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Originally hailing from Spain, Tucson-based singer-songwriter/guitarist Rahe (pronounced "Ray") has rapidly established herself as one of the most noteworthy young talents to emerge in recent years. While not yet a household name, Rahe may quickly change that following the release of her debut, Out of the Box, a musical outing of exceptional creativity matched with heartfelt accessibility.
Clocking in at a relatively modest 32 minutes of music, spread out over eight tracks, Out of the Box nevertheless manages to traverse an enormous gamut of styles, including slow burning R&B, flamenco, easygoing acoustic pop, and jazz-infused bossa nova. For many artists, this might represent a troubling situation, in which genre-hopping is driven merely by novelty over artistic merit. However, Rahe rises to the challenge by demonstrating a striking proficiency and easy comfort with the many styles in which she engages her self-assured songwriting. Indeed, under her guidance, jumping from the edgy rocksteady of "Two Steps Back" to the luxurious, Astrud Gilberto-styled lines of "Pensando" not only feels natural, it feels absolutely essential.
Of course, credit must also be given to the efforts of Rahe's remarkable collaborators, from Eric Hines' quirky marimba work to Brian Hicks' thick baritone saxophone. One of the album's aural joys lies in the band's expectation-defying instrumentation choices, including the deployment of a bass clarinet in favor of a bass, and the building of a mid-tempo pop number up toward a surprising marimba solo. These are all relatively subtle points, to be sure, but they speak to an attention to detail and love of the craft that pervades the entire album.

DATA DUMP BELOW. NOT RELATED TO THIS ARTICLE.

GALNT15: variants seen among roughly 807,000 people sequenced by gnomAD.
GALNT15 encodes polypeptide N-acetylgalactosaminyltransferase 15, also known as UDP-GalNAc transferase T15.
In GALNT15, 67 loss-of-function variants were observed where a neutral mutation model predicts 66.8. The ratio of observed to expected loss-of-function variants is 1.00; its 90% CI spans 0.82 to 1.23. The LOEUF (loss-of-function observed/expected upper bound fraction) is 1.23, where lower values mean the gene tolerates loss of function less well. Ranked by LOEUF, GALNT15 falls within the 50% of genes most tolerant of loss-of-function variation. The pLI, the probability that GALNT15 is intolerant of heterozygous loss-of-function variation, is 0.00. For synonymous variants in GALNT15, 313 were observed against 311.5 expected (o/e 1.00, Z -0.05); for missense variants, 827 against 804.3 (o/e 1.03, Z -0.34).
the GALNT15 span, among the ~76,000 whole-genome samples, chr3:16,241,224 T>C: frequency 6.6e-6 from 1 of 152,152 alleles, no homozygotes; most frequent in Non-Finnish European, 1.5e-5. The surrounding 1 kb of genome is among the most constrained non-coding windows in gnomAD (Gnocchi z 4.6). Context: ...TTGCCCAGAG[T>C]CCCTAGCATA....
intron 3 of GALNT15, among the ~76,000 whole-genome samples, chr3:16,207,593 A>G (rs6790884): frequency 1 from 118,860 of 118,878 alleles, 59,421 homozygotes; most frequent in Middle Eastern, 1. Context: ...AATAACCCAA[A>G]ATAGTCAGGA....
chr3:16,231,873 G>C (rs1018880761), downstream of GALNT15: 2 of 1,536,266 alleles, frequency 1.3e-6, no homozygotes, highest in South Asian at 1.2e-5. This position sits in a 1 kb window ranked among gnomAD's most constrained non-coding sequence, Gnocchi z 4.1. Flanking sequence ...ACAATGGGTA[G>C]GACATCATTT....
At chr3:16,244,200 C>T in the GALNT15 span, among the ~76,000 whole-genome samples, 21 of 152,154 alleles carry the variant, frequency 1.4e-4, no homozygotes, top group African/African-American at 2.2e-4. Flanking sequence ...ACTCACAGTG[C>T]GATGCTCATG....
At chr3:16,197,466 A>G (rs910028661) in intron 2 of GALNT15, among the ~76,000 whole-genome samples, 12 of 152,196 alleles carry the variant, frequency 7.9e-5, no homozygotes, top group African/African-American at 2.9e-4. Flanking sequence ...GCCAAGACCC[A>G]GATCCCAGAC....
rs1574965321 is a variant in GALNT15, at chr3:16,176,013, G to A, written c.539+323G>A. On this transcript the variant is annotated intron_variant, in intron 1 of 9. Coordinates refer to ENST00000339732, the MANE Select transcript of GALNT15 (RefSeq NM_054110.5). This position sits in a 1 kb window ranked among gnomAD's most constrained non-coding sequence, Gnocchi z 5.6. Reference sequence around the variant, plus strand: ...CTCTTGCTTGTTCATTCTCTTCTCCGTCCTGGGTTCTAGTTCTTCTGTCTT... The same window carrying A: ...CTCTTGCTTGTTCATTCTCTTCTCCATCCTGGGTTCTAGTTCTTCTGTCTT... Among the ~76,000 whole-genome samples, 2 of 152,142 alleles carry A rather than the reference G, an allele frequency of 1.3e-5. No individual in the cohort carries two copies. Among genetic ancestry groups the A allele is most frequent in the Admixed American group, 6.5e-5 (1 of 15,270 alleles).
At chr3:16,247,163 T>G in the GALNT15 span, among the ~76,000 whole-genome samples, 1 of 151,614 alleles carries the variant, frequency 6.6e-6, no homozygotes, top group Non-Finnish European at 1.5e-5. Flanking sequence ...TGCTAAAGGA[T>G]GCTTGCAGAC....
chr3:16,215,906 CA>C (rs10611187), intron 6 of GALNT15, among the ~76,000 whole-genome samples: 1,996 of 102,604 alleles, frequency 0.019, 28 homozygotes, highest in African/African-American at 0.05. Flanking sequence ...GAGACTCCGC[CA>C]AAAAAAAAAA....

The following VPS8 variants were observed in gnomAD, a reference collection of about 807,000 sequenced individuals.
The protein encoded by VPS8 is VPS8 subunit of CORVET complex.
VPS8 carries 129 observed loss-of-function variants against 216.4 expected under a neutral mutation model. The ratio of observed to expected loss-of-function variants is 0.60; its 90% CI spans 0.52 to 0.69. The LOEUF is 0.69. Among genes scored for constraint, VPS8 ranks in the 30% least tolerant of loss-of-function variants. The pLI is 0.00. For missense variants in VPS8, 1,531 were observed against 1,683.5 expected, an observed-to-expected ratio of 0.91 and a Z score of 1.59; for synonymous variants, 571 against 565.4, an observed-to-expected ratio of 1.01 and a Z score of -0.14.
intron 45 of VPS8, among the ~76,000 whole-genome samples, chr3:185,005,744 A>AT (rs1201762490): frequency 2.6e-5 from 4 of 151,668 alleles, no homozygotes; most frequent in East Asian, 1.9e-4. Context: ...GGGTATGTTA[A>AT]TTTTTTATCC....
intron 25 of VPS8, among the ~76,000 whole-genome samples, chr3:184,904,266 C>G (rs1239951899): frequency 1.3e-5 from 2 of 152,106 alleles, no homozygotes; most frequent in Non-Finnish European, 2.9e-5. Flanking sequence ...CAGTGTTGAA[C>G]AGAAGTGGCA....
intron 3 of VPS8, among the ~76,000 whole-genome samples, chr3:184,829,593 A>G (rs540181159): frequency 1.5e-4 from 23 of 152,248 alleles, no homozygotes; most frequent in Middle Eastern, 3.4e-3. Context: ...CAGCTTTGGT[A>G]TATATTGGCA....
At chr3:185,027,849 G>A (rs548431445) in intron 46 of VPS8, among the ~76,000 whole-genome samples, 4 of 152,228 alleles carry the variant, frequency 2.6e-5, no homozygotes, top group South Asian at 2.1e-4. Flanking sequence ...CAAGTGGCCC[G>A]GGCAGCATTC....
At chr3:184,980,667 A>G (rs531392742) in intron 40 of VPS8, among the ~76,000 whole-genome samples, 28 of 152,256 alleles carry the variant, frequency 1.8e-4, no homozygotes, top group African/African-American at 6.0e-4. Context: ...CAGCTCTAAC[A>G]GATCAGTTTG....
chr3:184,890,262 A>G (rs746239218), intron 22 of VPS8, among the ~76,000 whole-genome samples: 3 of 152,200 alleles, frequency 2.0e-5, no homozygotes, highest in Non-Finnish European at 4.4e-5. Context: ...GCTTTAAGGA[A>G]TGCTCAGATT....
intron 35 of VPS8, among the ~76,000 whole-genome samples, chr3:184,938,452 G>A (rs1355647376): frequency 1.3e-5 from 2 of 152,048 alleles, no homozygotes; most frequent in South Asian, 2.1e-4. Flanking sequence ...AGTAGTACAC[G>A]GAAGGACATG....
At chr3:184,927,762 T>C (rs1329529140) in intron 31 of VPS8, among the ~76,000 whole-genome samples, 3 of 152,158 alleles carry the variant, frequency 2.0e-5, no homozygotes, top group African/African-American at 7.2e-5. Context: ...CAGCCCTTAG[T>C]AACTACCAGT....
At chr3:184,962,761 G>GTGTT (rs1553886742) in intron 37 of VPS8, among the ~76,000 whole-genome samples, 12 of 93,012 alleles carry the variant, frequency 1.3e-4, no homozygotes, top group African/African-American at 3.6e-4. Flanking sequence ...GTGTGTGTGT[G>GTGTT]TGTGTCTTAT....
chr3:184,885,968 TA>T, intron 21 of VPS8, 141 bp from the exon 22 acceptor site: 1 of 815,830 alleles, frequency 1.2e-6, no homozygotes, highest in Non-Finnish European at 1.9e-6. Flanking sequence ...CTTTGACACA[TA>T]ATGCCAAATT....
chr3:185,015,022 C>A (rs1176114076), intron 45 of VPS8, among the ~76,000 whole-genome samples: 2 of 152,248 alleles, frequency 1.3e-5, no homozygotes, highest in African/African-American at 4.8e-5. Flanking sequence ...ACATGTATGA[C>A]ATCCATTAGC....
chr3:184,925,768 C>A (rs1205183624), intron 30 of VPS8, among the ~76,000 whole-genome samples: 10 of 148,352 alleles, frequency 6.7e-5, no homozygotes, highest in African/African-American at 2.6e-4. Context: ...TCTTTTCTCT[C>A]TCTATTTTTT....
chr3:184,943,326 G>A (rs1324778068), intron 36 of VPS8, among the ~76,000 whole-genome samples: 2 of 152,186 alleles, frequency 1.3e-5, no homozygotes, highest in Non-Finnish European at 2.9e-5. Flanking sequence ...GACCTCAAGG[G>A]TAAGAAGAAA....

Ultimately, Out of the Box serves as a testament to the marvelous music that can be achieved in any genre, when a visionary artist is joined by likeminded collaborators in a free and creative environment. Rahe has made a truly exceptional statement with her debut release, one that rewards with endlessly fascinating intricacies and musical subtleties over repeated listens.
Track Listing: Be Down; Alma v Corazon; Rescue; Say Something; Two Steps Back; Pensando; Pretend; Danca.
I love jazz because anything is possible; it has few rules and the best jazz breaks those ones. I prefer free improv because it doesn't really have any rules at all.
I was first exposed to jazz in my teens (in the late sixties).
The first jazz record I bought was Filles de Kilimanjaro by Miles Davis, shortly followed by Extrapolation by John McLaughlin.
My advice to new listeners is to listen as widely as possible and not to make snap judgments--stick with it.